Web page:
23 Jan 2013
- Written by Dr. Timothy Moore
Uncontrolled weight gain saddles a multifaceted group of people. Closer inspection reveals myriad individuals with lives, thoughts and feelings that do not register with many of us.
Meet Judy Lee of Albert, Canada. She has come to the United States again seeking a way to reduce her current weight of 275 pounds, which makes her feel almost ready to live her life as a recluse.
When you sit down by Lee, you feel the despair and see the tears well up in her eyes. You see a person who seems to have lost all hope. It may put you in an uncomfortable state of mind, but curiosity usually wins out and you find yourself asking, "What's wrong?"
Just imagine being sexually abused at age four by the man who is supposed to love and protect you from all harm. As Lee got older, the situation got worse, with her drunken father adding the pain of verbal abuse to the scenario. Still, she trusted him.
Lee's life path up to that point seemed to be on a collision course with an all-out disaster. Any opportunity to experience a normal, healthy childhood had been ripped from her so early that it led to major emotional and mental traumas that lingered into adulthood.
At nine years old, a school personnel staff member told her that she was fat. Weighing 145 pounds, she felt lost within a school filled with slender and attractive boys and girls. Alone, she endured the taunts and jokes of the other children.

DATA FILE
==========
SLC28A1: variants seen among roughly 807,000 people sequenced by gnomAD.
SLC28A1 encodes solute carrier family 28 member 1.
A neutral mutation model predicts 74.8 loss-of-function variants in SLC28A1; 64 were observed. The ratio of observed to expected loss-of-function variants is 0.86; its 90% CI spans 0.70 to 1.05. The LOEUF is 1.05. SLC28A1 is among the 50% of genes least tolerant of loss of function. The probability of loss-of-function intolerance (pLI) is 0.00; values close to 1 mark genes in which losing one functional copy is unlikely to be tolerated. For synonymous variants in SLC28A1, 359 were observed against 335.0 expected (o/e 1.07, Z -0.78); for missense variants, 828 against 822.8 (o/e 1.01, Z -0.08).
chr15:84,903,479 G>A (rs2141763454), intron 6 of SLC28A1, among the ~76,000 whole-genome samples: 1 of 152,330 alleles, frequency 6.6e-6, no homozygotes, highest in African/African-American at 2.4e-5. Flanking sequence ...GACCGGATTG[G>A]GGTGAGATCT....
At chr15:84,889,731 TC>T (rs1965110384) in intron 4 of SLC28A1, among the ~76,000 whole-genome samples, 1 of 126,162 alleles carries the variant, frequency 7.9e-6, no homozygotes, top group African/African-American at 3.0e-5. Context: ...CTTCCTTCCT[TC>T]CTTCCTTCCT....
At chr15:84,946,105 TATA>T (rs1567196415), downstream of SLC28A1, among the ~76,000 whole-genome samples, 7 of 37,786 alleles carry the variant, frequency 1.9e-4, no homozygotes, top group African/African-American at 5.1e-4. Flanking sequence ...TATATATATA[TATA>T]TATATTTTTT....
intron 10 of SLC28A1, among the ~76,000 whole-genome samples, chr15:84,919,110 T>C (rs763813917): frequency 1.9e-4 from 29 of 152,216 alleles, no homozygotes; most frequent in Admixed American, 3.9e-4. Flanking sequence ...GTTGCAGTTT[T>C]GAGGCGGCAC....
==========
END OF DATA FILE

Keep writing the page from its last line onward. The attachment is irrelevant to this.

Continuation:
When the unbearable school days ended, Lee would make her way back home, where the verbal abuse often would be waiting, further stripping her of self-esteem.
We have all heard the words, "Sticks and stones may break my bones but words will never hurt me." Not true when those words are focused on you.
Today, Lee spends her days keeping herself away from the public, attempting to avoid those who speak badly of her and to her. She tries to steer clear of those who can inflict pain without saying a word – their looks of disgust cuting like knives.
According to the Centers for Disease Control and Prevention, 34.4 percent of Americans are obese. The obesity rate of our Canadian neighbors is 24.1 percent, and Canada already has universal healthcare. So even though health care is provided, it is not enough. We must decide to do those things that are required to have optimal health.
We must be open in our journey to learn more about nutrition and the impact it has on our lives. The majority of individuals rely on myths, thinking they're immune from sickness and that it can't happen to them. While the details of your situation may vary from those that affect Lee, you, too, might have some type of mental or emotional blockage that affects you for some time. If so, it can have a devastating affect on your mind, body and spirit.
I'm happy to report that even though Lee was subjected to 40 years of abuse from her now-deceased father, she is finally relieved of some of those dark emotional clouds that caused her to not love herself. She Judy has begun to take the steps necessary to move towards healing and good health.
Maybe you're just like Judy and you have prayed at the altar and confided in a few trusted friends. But have you sought professional help for those mental and emotional issues?
Finally, remember this: Along the road to better health, we have to believe in ourselves and realize that the journey we are on is going to have peaks and valleys. The key is to stay focus and assured of victory.